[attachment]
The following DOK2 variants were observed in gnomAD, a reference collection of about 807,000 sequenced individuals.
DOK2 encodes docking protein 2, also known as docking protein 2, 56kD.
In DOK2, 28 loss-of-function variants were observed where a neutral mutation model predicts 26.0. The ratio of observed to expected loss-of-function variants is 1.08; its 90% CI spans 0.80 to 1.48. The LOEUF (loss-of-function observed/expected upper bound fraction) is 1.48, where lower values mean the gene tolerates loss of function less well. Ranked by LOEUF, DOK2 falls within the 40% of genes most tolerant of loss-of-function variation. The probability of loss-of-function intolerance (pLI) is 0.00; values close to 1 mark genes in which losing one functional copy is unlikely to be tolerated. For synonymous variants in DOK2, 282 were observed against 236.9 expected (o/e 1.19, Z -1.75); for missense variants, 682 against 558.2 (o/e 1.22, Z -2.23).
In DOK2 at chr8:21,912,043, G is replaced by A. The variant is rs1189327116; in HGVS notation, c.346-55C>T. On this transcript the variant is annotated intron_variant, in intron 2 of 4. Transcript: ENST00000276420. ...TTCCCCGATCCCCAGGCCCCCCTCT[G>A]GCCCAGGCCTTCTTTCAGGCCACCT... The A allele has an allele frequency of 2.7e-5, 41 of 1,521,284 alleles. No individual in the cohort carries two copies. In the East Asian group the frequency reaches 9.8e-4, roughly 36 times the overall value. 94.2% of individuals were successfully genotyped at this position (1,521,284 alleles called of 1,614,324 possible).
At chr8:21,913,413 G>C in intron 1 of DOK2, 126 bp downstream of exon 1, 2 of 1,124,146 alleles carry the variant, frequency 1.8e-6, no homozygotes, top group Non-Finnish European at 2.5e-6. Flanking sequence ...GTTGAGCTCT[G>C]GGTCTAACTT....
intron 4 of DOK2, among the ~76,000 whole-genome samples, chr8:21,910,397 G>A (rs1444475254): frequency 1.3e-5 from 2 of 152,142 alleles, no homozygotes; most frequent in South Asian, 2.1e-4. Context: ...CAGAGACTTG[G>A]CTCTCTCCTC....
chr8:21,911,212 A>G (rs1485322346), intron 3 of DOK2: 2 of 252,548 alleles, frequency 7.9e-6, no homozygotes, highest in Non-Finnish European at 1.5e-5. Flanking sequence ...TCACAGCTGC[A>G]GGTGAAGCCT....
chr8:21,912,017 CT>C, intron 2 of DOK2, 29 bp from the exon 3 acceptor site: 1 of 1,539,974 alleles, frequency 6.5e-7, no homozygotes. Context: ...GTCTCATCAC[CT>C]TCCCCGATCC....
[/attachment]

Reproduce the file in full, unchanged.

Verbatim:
The following DOK2 variants were observed in gnomAD, a reference collection of about 807,000 sequenced individuals.
DOK2 encodes docking protein 2, also known as docking protein 2, 56kD.
In DOK2, 28 loss-of-function variants were observed where a neutral mutation model predicts 26.0. The ratio of observed to expected loss-of-function variants is 1.08; its 90% CI spans 0.80 to 1.48. The LOEUF (loss-of-function observed/expected upper bound fraction) is 1.48, where lower values mean the gene tolerates loss of function less well. Ranked by LOEUF, DOK2 falls within the 40% of genes most tolerant of loss-of-function variation. The probability of loss-of-function intolerance (pLI) is 0.00; values close to 1 mark genes in which losing one functional copy is unlikely to be tolerated. For synonymous variants in DOK2, 282 were observed against 236.9 expected (o/e 1.19, Z -1.75); for missense variants, 682 against 558.2 (o/e 1.22, Z -2.23).
In DOK2 at chr8:21,912,043, G is replaced by A. The variant is rs1189327116; in HGVS notation, c.346-55C>T. On this transcript the variant is annotated intron_variant, in intron 2 of 4. Transcript: ENST00000276420. ...TTCCCCGATCCCCAGGCCCCCCTCT[G>A]GCCCAGGCCTTCTTTCAGGCCACCT... The A allele has an allele frequency of 2.7e-5, 41 of 1,521,284 alleles. No individual in the cohort carries two copies. In the East Asian group the frequency reaches 9.8e-4, roughly 36 times the overall value. 94.2% of individuals were successfully genotyped at this position (1,521,284 alleles called of 1,614,324 possible).
At chr8:21,913,413 G>C in intron 1 of DOK2, 126 bp downstream of exon 1, 2 of 1,124,146 alleles carry the variant, frequency 1.8e-6, no homozygotes, top group Non-Finnish European at 2.5e-6. Flanking sequence ...GTTGAGCTCT[G>C]GGTCTAACTT....
intron 4 of DOK2, among the ~76,000 whole-genome samples, chr8:21,910,397 G>A (rs1444475254): frequency 1.3e-5 from 2 of 152,142 alleles, no homozygotes; most frequent in South Asian, 2.1e-4. Context: ...CAGAGACTTG[G>A]CTCTCTCCTC....
chr8:21,911,212 A>G (rs1485322346), intron 3 of DOK2: 2 of 252,548 alleles, frequency 7.9e-6, no homozygotes, highest in Non-Finnish European at 1.5e-5. Flanking sequence ...TCACAGCTGC[A>G]GGTGAAGCCT....
chr8:21,912,017 CT>C, intron 2 of DOK2, 29 bp from the exon 3 acceptor site: 1 of 1,539,974 alleles, frequency 6.5e-7, no homozygotes. Context: ...GTCTCATCAC[CT>C]TCCCCGATCC....